Over the last 10 years, 1970s funk icon Betty Davis has enjoyed a renaissance of rediscovery. Her music has been lavishly reissued and anthologized, but for years the holy grail was a collection of songs she recorded for Columbia Records in the late '60s, several of which her then-husband, Miles Davis, helped to produce. For decades, no one could hear those songs — until now. The Columbia Years 1968-1969 captures an artist beginning to assert her own voice.
Betty Mabry was already enjoying a budding music career when Miles Davis came into her life. She'd written "Uptown" for the Chambers Brothers and released a couple of her own solo singles, including 1968's "Live, Love, Learn."
Mabry and Davis became a couple later that year. She made an immediate impact on his music, and in return, Davis helped her produce a series of demo tracks recorded at the Columbia Records studio the following spring. For the past 47 years, those songs have been the subject of wild speculation over why they've never been let out of the vault. Somehow, the Seattle label Light In the Attic label finally got permission to release them.
Remember: These were intended to be demo tracks, not finished songs. But in their rawness you already hear how Mabry was shaping her identity as a "down home girl" from North Carolina. Those roots are right up front, both in her song's themes and in that countrified accent she curls around her voice.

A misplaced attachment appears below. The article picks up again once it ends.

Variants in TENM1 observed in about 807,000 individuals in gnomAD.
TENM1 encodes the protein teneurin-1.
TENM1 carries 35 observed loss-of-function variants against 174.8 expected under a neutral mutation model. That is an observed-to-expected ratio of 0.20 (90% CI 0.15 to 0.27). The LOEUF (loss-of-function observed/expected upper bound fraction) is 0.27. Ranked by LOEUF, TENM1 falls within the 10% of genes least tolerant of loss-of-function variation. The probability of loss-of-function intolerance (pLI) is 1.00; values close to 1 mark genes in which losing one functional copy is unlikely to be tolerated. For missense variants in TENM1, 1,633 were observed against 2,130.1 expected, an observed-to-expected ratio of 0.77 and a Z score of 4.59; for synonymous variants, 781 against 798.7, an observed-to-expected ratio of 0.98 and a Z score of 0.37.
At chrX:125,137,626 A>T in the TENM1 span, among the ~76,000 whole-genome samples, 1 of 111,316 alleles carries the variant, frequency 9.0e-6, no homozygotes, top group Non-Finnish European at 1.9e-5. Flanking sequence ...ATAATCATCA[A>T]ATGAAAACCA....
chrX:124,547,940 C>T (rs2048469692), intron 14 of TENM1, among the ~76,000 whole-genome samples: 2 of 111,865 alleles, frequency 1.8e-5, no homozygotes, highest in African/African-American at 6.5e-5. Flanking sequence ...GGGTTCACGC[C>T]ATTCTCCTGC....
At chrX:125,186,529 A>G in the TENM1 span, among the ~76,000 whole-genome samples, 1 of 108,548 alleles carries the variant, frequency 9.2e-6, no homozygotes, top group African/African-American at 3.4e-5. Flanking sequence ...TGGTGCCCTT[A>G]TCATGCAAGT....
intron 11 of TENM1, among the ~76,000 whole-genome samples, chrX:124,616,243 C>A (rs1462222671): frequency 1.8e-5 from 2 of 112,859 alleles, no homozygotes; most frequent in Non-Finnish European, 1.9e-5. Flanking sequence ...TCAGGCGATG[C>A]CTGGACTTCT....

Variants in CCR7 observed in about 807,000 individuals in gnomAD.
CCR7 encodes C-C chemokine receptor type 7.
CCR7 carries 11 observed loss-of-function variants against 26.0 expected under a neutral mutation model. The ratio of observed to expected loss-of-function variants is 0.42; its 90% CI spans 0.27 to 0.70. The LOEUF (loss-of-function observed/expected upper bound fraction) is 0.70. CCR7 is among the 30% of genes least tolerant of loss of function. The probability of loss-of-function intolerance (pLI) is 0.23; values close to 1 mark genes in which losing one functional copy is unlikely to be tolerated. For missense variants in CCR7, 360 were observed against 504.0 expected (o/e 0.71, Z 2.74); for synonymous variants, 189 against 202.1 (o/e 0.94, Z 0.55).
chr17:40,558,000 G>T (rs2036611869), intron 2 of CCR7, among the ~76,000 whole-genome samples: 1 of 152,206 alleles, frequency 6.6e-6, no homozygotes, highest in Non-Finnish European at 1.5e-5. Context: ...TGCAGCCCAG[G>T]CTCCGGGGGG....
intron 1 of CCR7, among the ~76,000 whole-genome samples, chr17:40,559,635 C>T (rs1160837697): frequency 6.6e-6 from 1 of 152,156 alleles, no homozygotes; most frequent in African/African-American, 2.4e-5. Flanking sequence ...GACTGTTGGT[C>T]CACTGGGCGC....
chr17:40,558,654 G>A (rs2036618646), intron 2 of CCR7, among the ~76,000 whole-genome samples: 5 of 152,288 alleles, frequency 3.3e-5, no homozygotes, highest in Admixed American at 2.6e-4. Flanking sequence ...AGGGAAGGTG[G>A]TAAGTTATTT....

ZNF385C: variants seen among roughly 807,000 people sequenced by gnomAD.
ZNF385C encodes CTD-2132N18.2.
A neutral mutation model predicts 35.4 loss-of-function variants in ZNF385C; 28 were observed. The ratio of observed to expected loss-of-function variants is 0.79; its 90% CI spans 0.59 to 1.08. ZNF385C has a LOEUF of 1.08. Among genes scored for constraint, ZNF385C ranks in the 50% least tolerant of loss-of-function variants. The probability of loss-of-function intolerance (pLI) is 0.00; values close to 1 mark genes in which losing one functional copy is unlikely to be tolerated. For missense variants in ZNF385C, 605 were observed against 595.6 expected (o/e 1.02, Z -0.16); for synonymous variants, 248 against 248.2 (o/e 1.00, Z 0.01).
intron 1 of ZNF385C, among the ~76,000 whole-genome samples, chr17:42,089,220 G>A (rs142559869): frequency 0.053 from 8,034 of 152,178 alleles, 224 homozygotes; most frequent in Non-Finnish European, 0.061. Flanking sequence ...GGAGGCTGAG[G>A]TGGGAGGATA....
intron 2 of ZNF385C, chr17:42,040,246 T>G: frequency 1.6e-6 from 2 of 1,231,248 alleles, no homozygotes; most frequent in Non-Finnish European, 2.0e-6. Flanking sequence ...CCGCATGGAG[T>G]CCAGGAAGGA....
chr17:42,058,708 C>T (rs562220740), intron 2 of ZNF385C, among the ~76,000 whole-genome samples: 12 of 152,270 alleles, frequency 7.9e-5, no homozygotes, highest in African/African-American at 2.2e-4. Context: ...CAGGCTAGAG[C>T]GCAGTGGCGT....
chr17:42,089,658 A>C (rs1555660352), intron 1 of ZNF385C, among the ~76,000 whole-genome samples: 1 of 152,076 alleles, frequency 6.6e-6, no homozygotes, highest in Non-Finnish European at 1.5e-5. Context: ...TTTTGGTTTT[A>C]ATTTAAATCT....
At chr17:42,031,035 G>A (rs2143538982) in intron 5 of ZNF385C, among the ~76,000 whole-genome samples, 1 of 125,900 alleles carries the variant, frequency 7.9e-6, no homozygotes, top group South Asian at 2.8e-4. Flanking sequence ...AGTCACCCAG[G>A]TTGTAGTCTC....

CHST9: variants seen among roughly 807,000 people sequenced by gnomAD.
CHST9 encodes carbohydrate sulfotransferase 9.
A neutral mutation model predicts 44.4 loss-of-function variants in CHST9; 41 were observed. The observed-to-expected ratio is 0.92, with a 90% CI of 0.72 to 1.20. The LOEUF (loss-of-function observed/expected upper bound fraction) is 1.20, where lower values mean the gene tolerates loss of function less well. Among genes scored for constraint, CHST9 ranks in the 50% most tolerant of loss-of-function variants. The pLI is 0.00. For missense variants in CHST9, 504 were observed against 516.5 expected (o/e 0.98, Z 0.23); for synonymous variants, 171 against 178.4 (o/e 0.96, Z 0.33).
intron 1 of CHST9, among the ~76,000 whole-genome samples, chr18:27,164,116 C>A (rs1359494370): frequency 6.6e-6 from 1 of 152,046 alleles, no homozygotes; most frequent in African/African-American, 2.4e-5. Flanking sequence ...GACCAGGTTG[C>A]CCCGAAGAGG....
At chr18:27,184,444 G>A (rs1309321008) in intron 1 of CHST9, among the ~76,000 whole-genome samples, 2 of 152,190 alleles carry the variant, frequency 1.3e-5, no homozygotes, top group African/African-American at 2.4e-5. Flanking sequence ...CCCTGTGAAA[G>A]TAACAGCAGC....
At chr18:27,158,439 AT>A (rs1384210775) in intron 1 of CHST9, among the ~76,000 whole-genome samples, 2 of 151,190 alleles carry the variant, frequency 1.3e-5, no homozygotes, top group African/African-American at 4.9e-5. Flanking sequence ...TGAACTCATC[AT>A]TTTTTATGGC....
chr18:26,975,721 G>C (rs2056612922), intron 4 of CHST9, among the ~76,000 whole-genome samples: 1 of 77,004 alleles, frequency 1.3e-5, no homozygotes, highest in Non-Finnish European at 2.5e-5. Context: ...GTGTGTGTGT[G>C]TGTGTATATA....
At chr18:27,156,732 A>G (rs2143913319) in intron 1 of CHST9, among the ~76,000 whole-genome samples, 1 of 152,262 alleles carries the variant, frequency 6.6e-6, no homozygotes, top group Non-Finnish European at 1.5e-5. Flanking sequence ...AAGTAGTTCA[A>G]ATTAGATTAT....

Almost all of the players on these sessions were jazz musicians, including Miles Davis' sidemen at the time, Herbie Hancock and Wayne Shorter. The sound, though, was unmistakably influenced by rock and funk, most of all on her cover of "Politician" by Cream.
Most of the tracks, however, were Mabry's original compositions. She was always aspiring to be her own artist and not just a face or voice. The compilation includes an outtake where you can hear her working through her ideas with the band in real time.
When Mabry reintroduced herself in 1973 as Betty Davis, it felt like she had appeared fully formed as an uber-confident, sexy Black Power goddess. But what the Columbia recordings reveal are her early ideas about presenting her music, her sexuality, her persona. Even nearly five decades later, it seems we still have something to learn about one of funk's music's most iconic artists.